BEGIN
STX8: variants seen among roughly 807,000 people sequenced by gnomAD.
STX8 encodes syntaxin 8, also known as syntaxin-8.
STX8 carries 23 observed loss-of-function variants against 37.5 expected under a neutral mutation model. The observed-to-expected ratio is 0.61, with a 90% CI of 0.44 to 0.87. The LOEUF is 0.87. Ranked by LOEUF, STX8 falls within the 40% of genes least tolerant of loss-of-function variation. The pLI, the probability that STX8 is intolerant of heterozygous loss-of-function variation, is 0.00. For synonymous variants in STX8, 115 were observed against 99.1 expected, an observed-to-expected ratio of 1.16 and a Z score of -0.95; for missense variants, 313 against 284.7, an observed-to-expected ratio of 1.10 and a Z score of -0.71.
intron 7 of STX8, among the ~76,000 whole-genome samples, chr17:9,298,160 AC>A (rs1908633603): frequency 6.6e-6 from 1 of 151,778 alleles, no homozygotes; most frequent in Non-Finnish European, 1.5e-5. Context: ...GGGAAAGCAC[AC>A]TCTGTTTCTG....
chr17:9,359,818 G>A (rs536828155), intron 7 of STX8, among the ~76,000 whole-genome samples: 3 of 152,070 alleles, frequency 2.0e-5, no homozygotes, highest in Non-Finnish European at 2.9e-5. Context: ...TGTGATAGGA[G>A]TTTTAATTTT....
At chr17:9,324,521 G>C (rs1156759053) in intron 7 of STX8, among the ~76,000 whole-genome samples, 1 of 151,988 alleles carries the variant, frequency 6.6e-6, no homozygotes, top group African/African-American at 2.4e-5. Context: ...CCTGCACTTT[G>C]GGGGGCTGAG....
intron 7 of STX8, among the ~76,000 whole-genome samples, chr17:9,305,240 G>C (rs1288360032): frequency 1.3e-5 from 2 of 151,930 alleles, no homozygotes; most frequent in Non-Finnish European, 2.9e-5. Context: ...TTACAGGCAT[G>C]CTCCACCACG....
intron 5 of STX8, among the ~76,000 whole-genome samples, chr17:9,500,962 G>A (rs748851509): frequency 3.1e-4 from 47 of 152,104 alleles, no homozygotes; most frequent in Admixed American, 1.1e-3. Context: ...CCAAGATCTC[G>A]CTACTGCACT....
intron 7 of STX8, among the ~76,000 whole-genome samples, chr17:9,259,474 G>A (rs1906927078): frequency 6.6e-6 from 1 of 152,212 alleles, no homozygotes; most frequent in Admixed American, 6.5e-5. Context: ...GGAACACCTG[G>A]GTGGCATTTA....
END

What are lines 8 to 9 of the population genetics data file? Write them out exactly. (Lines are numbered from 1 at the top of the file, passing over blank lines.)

intron 5 of STX8, among the ~76,000 whole-genome samples, chr17:9,500,962 G>A (rs748851509): frequency 3.1e-4 from 47 of 152,104 alleles, no homozygotes; most frequent in Admixed American, 1.1e-3. Context: ...CCAAGATCTC[G>A]CTACTGCACT....
intron 7 of STX8, among the ~76,000 whole-genome samples, chr17:9,259,474 G>A (rs1906927078): frequency 6.6e-6 from 1 of 152,212 alleles, no homozygotes; most frequent in Admixed American, 6.5e-5. Context: ...GGAACACCTG[G>A]GTGGCATTTA....